Page review/updated 10/08/2023
Part of D&S IFCA’s role is to work with stakeholder groups, in so doing making partnership working a core tenet of the IFCA co-management approach.
D&S IFCA’s research projects frequently involve partnership working to fulfil the IFCA’s evidence requirements, to inform local management and input into national policy discussions.
The Environment Team works in partnership with many different organisations and sectors covering wide ranging, diverse projects. One examples of this is the Marine Pioneer Programme, where D&S IFCA is working with MMO, North Devon Biosphere, Blue Marine Foundation South West Partnership for Environmental and Economic Prosperity, and WWF- UK Seas.
Partnership working is at the core of the evidence gathering that D&S IFCA undertakes. Many of the research projects undertaken could simply not occur without a partnership approach because of the scale, range of equipment, expertise, and funding required.
A partnership approach to evidence collection builds research capacity, increases trust in the outputs and helps to make sure the results reach key audiences. Working closely with a range of partners also facilitates access larger funding streams. Research project partners include commercial and recreational fishers, NGOs, academia, local authorities and arms-length government bodies such as Cefas, Natural England and the Environment Agency.
Projects undertaken by D&S IFCA may come out of questions asked by the Authority, concerns from members of the different fishing sectors, and requests from other organisations for D&S IFCA officers to contribute their expertise and knowledge to the research. D&S IFCA may lead the research project or be a partner organisation.
As mentioned, partnership projects often originate from questions from industry. For example, following increased sightings of juvenile crawfish (Palinurus elephas) since 2014/15, commercial fishers on the D&S Authority raised the need for more information on this species. D&S IFCA officers commenced a review of literature and data gathering to greater understand the extent of the recovery and the level of recruitment. Fishers were concerned that once the juveniles reach landable size that there could be a boom and bust fishery. The research being undertaken will help inform local and regional sustainable management of the stocks. D&S IFCA, together with Cornwall and Isles of Scilly IFCAs, have developed a partnership project which includes fishing industry members, the Universities of Exeter and Plymouth, Cefas, Seasearch and the MMO. Information on catches, landings and biological data are collected by fishers and from onboard observer surveys and quayside sampling. D&S IFCA officers have demonstrated crawfish tagging methodology to fishers, who are now undertaking this work during their normal fishing operations. Trialling post-larval settlement collectors will take place in 2020. More information on this this project under the Crustacean Research section of D&S IFCA’s website. Similarly, the Bristol Channel Herring project was formed when local fishermen at Minehead raised concerns about local movement of shingle affecting what they believed to be an undocumented local spawning population. D&S IFCA then contributed to research in collaboration with the fishermen, the Marine Pioneer programme and Swansea University. This research is still ongoing.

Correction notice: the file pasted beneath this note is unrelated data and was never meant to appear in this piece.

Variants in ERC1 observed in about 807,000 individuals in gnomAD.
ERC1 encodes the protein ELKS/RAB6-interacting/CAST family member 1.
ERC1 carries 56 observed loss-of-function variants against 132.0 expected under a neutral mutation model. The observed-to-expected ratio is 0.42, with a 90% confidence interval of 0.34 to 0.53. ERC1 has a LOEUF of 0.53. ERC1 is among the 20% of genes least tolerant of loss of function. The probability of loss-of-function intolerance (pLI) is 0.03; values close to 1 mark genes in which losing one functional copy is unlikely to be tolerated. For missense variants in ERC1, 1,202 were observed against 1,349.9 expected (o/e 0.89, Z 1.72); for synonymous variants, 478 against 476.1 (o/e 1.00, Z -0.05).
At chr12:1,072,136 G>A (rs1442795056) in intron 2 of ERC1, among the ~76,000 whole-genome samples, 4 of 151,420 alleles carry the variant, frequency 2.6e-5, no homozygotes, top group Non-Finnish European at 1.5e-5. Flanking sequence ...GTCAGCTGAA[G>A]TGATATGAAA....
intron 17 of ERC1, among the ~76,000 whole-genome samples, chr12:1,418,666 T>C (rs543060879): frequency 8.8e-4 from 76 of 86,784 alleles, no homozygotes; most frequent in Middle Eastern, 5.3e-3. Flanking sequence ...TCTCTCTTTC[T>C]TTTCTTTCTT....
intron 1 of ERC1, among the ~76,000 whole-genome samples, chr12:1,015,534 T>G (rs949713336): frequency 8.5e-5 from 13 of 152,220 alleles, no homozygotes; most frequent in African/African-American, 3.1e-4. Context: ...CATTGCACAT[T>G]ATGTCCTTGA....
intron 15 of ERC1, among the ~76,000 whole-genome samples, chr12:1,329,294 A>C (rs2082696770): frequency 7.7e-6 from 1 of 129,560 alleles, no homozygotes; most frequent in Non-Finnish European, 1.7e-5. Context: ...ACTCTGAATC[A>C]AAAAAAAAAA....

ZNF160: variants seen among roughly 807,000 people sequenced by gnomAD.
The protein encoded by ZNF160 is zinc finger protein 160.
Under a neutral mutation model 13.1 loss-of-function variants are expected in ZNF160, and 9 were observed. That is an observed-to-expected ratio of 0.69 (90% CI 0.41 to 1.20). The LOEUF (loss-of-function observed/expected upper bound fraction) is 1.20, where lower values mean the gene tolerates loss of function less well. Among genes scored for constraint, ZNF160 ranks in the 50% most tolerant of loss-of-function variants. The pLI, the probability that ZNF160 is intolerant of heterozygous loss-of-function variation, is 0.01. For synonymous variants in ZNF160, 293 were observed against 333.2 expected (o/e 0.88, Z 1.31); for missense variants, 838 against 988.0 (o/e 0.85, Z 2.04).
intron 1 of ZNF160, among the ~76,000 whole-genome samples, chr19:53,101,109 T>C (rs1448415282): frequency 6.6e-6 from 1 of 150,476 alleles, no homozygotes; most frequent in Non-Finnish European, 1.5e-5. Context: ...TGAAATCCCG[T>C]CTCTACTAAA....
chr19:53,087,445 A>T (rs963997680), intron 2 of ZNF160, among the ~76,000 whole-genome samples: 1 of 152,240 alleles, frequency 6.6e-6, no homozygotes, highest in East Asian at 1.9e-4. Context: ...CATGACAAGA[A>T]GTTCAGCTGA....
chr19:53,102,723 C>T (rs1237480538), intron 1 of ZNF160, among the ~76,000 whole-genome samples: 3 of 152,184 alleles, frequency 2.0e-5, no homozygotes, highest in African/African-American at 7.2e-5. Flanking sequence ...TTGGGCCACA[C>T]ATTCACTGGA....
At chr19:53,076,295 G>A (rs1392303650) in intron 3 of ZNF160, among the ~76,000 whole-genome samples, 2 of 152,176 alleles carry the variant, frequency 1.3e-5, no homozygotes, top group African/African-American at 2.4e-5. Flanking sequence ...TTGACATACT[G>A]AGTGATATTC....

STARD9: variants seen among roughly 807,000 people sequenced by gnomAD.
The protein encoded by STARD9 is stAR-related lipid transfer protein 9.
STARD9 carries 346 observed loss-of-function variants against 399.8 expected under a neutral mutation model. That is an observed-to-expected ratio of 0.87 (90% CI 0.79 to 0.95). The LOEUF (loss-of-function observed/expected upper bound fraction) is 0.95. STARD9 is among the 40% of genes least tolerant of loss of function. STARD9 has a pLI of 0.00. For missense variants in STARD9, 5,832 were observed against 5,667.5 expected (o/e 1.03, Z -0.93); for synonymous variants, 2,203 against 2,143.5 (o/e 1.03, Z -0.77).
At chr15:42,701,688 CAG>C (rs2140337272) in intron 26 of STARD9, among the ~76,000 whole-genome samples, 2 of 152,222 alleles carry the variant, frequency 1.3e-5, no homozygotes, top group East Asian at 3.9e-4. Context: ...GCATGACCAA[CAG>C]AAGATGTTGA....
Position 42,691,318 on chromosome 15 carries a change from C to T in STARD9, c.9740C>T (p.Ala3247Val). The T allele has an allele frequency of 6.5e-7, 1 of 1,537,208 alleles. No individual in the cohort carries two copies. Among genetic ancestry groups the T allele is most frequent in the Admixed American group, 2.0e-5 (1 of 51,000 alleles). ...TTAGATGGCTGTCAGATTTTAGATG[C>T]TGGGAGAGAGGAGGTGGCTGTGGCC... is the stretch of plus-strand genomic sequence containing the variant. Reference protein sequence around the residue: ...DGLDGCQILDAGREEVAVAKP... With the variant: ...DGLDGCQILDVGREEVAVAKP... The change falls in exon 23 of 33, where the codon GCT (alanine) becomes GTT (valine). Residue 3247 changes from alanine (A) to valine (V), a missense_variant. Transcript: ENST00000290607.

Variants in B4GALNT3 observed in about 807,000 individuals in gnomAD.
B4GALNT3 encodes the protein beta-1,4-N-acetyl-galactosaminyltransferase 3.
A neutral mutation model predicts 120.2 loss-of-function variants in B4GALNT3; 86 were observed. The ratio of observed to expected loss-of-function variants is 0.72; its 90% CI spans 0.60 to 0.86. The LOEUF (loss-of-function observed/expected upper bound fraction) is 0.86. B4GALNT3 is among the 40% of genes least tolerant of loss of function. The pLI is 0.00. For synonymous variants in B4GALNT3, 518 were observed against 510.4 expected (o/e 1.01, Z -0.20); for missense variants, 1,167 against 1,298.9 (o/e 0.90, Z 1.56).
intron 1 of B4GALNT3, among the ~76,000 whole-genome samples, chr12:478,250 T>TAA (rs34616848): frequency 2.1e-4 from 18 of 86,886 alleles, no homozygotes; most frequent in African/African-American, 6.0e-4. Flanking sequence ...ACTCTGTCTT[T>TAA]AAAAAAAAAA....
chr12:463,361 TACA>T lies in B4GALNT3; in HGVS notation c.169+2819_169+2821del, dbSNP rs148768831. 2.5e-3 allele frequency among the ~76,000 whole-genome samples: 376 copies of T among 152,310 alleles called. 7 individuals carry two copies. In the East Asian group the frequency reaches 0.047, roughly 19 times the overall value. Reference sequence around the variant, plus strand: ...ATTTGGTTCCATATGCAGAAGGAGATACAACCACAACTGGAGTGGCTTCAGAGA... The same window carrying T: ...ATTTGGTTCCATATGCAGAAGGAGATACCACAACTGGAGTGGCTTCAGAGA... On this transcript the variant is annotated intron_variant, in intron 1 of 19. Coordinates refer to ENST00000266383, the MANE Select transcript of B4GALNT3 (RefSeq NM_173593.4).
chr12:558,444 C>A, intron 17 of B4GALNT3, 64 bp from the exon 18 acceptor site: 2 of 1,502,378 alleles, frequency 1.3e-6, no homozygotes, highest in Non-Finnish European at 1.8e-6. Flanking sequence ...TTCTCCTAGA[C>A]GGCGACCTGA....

Other research topics where D&S IFCA is a partner include: the effectiveness of seal deterrents on static nets; cuttlefish recruitment; scallop spawning timing; the movement patterns of thornback and blonde ray in the Bristol Channel; bass use of bass nursery areas and Project UK Fisheries Improvement Plans.
Partnership projects are also undertaken to further the IFCA’s education and awareness reach, for example, the FishTrail project worked with angling NGO’s and European partners to promote sustainable angling practices to both local and tourist anglers.